Game Analysis – Subnautica (VR)

Written by Ian Hong

Look at those delicious acid mushrooms

I just bought Subnautica last night (thanks steam sale) and I will be offering my thoughts on its VR version. Three of my classmates have previously reviewed this game, but they were all based on the PC version. You can read their reviews here:

I seek to extend their insights through applying various analytical lenses and see whether the experience holds up in virtual reality. We begin our analysis by using the lens of essential experience as a succinct introduction to the game.

Lens 2 – Essential Experience

  • Exploring a dangerous and beautiful alien ocean in first person while trying to find materials to build a ship to escape the planet.
  • It’s like underwater single-player Minecraft with a more compelling plot and a pre-made world map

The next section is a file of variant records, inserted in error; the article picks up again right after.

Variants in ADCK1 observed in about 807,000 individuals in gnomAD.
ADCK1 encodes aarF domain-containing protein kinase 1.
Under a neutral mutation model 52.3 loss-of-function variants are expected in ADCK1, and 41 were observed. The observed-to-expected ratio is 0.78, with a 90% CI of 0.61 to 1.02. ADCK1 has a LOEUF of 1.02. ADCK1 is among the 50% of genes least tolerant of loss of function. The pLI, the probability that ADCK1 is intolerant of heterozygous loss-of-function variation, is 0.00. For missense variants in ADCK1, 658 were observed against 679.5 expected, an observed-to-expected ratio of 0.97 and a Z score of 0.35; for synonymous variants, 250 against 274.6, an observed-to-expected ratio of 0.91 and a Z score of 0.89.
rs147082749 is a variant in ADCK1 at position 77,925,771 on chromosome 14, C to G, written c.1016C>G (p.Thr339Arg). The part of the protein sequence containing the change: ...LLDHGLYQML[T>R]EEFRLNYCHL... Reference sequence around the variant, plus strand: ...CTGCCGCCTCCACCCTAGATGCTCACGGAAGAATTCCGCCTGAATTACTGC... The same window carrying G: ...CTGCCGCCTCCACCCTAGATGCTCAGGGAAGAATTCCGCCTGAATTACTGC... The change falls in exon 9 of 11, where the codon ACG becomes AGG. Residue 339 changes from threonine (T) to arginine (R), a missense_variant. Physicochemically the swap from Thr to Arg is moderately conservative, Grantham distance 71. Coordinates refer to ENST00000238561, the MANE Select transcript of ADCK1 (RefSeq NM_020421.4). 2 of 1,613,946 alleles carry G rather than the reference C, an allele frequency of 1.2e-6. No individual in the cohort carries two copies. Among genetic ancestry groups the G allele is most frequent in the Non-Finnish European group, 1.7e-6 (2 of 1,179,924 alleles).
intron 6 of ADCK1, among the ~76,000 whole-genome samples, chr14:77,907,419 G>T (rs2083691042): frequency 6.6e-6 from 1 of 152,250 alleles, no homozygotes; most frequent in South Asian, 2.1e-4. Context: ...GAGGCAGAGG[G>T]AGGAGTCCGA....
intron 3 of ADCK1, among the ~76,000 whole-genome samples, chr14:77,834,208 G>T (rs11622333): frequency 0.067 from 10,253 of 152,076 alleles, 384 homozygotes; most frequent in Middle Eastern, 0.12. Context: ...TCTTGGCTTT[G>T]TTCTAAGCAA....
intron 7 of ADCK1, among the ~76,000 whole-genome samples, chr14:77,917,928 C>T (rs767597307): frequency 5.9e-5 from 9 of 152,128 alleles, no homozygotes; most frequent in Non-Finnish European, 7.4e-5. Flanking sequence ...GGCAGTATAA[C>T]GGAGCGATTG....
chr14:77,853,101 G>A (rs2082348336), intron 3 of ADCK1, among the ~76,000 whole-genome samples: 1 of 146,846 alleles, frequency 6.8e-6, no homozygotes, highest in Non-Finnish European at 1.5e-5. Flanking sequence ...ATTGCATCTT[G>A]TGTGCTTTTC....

For those who understand things visually, take a one minute peek using this gameplay clip.

Watch from 4:20 to 6:20 at 2x speed

Now that we’re acquainted with what Subnautica is, let’s analyse why it is fun and what makes it fun. Why are we looking at this first? Because I am interested in how games drive intrinsic motivation, and I hope to apply some of these techniques to non-game contexts to make life easier. For example, imagine a system that lets you have fun while analysing your cashflow! (okay, I digress)

Lens 21 – Flow

What keeps the player engrossed in Subnautica?

The answer – it allows the player to enter a flow state, which can be described using the 8 major components of flow:

  1. A challenging activity requiring skill
  2. Concentration on the task at hand
  3. A sense of control
  4. A merging of action and awareness
  5. A loss of self-consciousness
  6. An altered sense of time
  7. Direct, immediate feedback
  8. Clear goals

For the aliens among us, this is what most people experience when they describe a game as ‘fun’.

How Subnautica aces this